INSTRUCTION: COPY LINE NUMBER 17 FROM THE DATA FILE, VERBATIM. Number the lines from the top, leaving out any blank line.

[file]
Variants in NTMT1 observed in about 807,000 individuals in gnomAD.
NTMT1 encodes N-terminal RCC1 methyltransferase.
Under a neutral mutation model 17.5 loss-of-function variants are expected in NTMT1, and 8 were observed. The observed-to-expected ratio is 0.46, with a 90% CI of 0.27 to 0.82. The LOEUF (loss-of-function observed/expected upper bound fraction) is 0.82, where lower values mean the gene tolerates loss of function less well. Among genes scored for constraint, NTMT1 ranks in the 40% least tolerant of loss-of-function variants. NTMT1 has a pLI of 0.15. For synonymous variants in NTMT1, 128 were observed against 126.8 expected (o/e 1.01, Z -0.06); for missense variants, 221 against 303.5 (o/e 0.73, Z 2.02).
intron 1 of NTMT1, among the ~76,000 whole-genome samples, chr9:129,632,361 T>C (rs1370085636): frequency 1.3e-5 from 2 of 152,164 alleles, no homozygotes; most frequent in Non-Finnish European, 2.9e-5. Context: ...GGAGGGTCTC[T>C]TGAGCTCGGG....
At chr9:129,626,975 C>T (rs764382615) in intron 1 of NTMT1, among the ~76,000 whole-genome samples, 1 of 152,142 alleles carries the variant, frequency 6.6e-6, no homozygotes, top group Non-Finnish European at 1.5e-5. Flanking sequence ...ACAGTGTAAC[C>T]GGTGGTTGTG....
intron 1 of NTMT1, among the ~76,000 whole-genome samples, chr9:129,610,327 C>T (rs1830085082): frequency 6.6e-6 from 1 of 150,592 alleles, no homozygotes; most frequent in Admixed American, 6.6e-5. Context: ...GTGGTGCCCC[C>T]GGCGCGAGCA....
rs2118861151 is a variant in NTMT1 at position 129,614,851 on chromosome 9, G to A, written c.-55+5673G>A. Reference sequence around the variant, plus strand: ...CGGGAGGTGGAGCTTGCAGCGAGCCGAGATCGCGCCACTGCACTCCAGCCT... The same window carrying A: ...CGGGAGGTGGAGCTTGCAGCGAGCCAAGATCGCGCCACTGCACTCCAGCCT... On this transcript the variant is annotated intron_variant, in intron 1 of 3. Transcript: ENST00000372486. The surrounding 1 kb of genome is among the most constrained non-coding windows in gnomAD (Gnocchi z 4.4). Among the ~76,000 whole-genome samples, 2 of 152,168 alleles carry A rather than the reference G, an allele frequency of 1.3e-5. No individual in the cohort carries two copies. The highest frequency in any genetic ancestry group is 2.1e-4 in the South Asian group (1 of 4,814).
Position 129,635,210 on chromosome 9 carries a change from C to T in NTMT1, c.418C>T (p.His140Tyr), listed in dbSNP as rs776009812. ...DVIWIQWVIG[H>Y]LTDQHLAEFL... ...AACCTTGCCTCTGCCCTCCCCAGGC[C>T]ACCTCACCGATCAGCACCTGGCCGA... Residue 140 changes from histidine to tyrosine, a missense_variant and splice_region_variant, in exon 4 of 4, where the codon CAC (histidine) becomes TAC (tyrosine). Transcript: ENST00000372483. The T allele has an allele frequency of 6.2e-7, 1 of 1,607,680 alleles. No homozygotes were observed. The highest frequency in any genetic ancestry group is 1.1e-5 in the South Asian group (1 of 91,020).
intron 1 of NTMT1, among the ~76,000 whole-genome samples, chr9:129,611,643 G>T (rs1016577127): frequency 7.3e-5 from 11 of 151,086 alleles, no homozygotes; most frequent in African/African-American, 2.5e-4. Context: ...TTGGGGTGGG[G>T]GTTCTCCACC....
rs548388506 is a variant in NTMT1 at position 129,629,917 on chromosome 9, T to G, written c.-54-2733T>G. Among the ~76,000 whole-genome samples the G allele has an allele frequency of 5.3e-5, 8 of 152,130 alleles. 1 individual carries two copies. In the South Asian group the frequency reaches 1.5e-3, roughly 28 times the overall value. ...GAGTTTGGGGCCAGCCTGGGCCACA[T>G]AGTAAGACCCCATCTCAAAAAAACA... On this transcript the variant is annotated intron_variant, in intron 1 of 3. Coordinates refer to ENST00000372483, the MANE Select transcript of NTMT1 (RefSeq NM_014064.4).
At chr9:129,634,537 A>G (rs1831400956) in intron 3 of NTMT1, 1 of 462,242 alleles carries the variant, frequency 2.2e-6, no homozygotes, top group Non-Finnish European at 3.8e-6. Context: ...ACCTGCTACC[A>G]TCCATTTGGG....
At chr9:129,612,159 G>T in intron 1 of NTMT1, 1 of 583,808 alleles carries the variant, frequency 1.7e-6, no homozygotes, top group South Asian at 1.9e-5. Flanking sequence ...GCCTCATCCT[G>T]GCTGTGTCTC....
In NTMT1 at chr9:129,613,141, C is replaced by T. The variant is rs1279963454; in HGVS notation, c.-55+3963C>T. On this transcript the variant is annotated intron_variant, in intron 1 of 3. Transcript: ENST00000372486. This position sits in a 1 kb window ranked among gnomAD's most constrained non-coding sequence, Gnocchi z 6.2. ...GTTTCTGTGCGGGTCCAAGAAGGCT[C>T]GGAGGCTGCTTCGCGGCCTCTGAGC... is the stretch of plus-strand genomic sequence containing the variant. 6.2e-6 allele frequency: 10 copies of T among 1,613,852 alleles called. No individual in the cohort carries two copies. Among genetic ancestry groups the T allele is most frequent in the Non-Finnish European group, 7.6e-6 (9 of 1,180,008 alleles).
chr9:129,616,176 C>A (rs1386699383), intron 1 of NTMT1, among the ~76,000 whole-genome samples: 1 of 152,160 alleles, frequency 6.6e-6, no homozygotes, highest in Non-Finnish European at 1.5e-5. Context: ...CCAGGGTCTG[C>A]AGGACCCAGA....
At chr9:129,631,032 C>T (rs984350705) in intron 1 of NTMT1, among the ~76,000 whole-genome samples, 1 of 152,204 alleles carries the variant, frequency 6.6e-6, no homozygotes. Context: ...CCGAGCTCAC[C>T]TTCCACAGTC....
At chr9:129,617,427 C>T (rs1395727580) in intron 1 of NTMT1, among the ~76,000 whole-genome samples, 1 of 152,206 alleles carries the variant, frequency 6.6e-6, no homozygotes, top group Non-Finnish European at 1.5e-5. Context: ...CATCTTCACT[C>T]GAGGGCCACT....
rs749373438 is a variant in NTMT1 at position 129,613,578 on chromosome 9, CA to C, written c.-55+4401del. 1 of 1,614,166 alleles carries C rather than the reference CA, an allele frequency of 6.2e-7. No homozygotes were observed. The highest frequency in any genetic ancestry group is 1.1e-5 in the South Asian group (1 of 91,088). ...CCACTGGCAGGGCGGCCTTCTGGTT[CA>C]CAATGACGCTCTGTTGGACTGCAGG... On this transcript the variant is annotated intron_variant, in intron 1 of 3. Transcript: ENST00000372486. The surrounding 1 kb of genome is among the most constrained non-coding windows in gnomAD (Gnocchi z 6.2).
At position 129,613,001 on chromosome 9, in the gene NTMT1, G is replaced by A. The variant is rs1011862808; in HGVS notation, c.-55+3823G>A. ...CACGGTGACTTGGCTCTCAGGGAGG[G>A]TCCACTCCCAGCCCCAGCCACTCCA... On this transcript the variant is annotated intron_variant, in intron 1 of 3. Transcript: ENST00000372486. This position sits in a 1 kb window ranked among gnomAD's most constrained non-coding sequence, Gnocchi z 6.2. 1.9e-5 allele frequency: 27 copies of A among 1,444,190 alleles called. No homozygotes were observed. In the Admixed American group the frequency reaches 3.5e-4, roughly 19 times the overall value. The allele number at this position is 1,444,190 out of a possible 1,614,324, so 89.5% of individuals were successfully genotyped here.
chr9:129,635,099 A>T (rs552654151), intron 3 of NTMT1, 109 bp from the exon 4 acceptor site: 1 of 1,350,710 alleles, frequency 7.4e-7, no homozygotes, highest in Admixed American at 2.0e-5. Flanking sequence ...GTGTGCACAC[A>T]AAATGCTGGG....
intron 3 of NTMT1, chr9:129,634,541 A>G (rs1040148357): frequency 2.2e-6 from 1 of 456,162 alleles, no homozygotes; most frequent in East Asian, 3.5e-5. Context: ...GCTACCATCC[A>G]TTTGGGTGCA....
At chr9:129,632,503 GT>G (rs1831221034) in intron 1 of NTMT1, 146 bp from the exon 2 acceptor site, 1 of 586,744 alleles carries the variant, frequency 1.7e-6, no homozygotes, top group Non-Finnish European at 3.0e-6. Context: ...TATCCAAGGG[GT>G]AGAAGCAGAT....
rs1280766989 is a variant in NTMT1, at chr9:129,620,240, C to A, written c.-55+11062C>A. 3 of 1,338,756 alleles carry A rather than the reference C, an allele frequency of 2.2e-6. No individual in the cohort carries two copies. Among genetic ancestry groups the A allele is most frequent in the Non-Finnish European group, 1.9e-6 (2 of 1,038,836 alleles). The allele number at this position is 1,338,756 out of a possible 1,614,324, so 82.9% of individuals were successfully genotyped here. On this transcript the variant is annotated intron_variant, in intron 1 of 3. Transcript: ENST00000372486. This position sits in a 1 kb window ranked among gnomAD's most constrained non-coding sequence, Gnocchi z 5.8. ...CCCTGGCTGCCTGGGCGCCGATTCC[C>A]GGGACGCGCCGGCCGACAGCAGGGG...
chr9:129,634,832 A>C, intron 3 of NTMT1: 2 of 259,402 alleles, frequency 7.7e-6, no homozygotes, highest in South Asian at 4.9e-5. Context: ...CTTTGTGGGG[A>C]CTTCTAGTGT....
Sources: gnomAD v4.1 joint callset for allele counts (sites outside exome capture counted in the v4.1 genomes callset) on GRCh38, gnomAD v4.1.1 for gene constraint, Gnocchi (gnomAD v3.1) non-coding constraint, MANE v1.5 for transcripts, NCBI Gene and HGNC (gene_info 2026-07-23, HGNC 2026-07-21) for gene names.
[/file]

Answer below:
rs749373438 is a variant in NTMT1 at position 129,613,578 on chromosome 9, CA to C, written c.-55+4401del. 1 of 1,614,166 alleles carries C rather than the reference CA, an allele frequency of 6.2e-7. No homozygotes were observed. The highest frequency in any genetic ancestry group is 1.1e-5 in the South Asian group (1 of 91,088). ...CCACTGGCAGGGCGGCCTTCTGGTT[CA>C]CAATGACGCTCTGTTGGACTGCAGG... On this transcript the variant is annotated intron_variant, in intron 1 of 3. Transcript: ENST00000372486. The surrounding 1 kb of genome is among the most constrained non-coding windows in gnomAD (Gnocchi z 6.2).